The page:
Date & Time: Feb 3, 2014 at 1655 LT
Flight Type:
Great Bend – Nashville
Crew on board:
Crew fatalities:
Pax on board:
Pax fatalities:
Other fatalities:
Total fatalities:
Captain / Total flying hours:
Captain / Total hours on type:
Aircraft flight hours:
The instrument-rated private pilot was conducting a personal cross-country flight in the multiengine airplane under instrument flight rules (IFR). As the flight neared its destination, the controller issued clearance for a GPS approach, and, shortly thereafter, the pilot informed the controller that he needed to review the approach procedure before continuing the approach. The controller acknowledged, and, after the pilot reported that he was ready to proceed with the approach, the controller again issued clearance for the GPS approach. Radar data showed that, during the approach, the airplane tracked a course that was offset about 0.5 miles right of the final approach course until it was about 1 mile from the runway threshold. The airplane then turned left towards the threshold and descended to an altitude of about 145 ft above ground level over the runway threshold before the pilot performed a missed approach. It is likely that the pilot performed the missed approach because he was unable to align the airplane with the runway before it crossed the threshold. The controller provided radar vectors for the airplane to return to the approach course and cleared the airplane a third time for the GPS approach to the runway. Radar data showed that the airplane was established on the final approach course as it passed the initial approach fix; however, before it reached the final approach fix, its airspeed slowed to about 111 knots, and it began a left turn with a 25 degree bank angle. About 18 seconds later, while still in the turn, the airplane slowed to 108 knots and began descending rapidly. The airplane's rate of descent exceeded 10,000 feet per minute, and it impacted the ground about 9 miles from the destination airport. Examination of the accident site showed that the airplane was severely fragmented and fire damaged with debris scattered for about 450 feet. Postaccident examination of the wreckage did not reveal evidence of any preimpact failures; however, damage to the left engine indicated that it was not producing power at the time of the accident. The severity of impact and fire damage to the airplane and engine precluded determination of the reason for the loss of left engine power. Weather conditions present at the time of the accident were conducive to super cooled liquid water droplets, and the airplane likely encountered moderate or greater icing conditions. Several pilot reports (PIREPs) for moderate, light, trace, and negative icing were reported to air traffic control but were not distributed publicly into the national airspace system, and there was no airmen's meteorological information (AIRMET) issued for icing. However, the pilot received standard and abbreviated weather briefings for the flight, and his most recent weather briefing included three PIREPs for icing conditions in the area of the accident site. Given the weather information provided, the pilot should have known icing conditions were possible. Even so, the public distribution of additional PIREPs would have likely increased the weather situational awareness by the pilot, weather forecasters, and air traffic controllers. The airplane was equipped with deicing and anti-icing systems that included wing and empennage deice boots and engine inlet heaters. Due to impact damage to the cockpit, the positions of the switches for the ice protection systems at the time of the accident could not be determined. Although the airplane's airspeed of 108 knots when the steep descent began was above its published stall speed of 77 knots, both bank angle and ice accretion would have increased the stall speed. In addition, the published minimum control airspeed was 93 knots. It is likely that, after the airplane passed the initial approach fix, the left engine lost power, the airplane's airspeed began to decay, and the asymmetric thrust resulted in a left turn. As the airspeed continued to decay, it decreased below either stall speed or minimum control airspeed, and the airplane entered an uncontrolled descent.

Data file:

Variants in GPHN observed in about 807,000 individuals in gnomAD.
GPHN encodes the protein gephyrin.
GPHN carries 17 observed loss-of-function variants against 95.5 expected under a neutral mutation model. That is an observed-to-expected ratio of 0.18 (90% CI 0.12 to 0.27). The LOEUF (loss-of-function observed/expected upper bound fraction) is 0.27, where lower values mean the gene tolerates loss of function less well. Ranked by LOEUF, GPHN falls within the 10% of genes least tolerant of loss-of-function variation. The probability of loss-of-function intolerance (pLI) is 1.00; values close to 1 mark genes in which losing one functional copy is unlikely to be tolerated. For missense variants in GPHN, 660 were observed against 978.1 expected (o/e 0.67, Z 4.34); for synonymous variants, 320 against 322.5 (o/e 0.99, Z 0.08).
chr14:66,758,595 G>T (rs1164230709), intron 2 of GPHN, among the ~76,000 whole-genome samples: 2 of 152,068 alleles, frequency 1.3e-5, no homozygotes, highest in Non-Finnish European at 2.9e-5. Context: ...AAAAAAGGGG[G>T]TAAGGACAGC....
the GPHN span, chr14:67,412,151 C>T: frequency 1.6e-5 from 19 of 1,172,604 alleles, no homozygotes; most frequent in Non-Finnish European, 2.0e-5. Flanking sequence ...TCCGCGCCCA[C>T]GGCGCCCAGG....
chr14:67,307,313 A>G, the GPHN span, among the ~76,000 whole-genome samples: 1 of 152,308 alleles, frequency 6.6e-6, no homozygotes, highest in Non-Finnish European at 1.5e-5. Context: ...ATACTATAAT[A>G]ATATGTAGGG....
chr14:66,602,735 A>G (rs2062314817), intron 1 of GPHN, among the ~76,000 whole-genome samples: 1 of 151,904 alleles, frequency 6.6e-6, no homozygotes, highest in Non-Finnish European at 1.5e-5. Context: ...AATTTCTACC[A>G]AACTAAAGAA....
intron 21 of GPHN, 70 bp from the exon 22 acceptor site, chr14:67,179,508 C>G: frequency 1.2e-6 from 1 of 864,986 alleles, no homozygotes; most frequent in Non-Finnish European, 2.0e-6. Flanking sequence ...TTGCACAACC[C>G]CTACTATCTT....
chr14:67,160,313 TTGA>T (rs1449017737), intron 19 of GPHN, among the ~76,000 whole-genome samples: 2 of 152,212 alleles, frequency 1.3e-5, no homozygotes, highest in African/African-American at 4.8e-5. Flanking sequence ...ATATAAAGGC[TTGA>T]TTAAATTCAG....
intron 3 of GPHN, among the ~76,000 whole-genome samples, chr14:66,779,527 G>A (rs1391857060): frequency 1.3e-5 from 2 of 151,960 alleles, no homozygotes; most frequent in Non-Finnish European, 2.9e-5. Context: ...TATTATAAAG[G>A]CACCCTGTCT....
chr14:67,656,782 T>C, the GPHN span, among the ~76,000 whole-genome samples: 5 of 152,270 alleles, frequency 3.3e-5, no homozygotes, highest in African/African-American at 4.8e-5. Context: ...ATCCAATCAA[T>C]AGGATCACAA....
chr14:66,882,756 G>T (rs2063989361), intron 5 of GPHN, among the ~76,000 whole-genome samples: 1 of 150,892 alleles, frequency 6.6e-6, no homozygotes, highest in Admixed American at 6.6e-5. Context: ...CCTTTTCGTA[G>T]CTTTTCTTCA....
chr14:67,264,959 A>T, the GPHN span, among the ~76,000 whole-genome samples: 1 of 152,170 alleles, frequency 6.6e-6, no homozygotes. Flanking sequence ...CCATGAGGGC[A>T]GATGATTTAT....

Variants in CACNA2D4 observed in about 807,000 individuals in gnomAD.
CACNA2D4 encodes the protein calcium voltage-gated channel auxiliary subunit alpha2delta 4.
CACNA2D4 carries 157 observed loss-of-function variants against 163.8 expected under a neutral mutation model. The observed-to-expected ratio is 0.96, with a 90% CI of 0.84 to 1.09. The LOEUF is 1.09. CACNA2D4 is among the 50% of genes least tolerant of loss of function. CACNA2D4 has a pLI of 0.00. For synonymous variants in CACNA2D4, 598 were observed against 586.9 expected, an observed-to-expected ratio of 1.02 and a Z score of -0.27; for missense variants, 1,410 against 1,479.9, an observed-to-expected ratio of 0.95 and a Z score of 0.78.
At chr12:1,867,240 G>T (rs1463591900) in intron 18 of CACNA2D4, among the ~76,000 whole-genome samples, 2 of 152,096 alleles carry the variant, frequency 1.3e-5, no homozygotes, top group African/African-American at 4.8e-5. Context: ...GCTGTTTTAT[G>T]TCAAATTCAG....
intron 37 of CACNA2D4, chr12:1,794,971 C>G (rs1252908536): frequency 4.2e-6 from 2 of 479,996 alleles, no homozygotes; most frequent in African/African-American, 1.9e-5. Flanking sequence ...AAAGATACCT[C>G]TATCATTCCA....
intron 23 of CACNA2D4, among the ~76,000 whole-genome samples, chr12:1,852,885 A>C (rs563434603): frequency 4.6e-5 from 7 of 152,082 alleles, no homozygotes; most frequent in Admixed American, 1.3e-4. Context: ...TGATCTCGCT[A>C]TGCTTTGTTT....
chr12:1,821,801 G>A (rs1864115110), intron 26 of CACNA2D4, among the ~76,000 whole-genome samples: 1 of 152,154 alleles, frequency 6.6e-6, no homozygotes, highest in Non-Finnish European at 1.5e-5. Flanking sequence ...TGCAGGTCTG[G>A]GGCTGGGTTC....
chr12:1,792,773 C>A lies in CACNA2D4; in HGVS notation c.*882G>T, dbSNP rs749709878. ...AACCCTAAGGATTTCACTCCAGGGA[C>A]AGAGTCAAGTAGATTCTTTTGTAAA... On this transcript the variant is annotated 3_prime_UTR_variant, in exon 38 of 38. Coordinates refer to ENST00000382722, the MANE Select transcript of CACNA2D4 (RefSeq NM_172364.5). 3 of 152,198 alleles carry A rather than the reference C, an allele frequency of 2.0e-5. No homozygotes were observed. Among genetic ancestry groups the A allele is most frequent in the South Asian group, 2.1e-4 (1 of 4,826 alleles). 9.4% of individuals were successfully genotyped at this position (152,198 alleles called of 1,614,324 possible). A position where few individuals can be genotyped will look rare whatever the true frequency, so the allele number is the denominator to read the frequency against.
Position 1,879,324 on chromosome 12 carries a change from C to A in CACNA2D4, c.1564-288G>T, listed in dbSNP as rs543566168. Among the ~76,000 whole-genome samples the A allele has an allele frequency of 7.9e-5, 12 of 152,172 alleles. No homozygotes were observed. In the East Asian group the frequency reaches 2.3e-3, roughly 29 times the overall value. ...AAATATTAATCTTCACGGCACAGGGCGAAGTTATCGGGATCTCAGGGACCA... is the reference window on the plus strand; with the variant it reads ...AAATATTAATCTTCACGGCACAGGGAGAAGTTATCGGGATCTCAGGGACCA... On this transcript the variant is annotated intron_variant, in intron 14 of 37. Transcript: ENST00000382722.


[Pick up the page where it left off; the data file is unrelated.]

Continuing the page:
Probable cause:
The pilot's failure to maintain airspeed with one engine inoperative, which resulted in a loss of control while on approach. Contributing to the accident were airframe ice accumulation due to conditions conducive to icing and the loss of engine power on one engine for reasons that could not be determined due to the extent of damage to the airplane.
Final Report:
N840V.pdf109.27 KB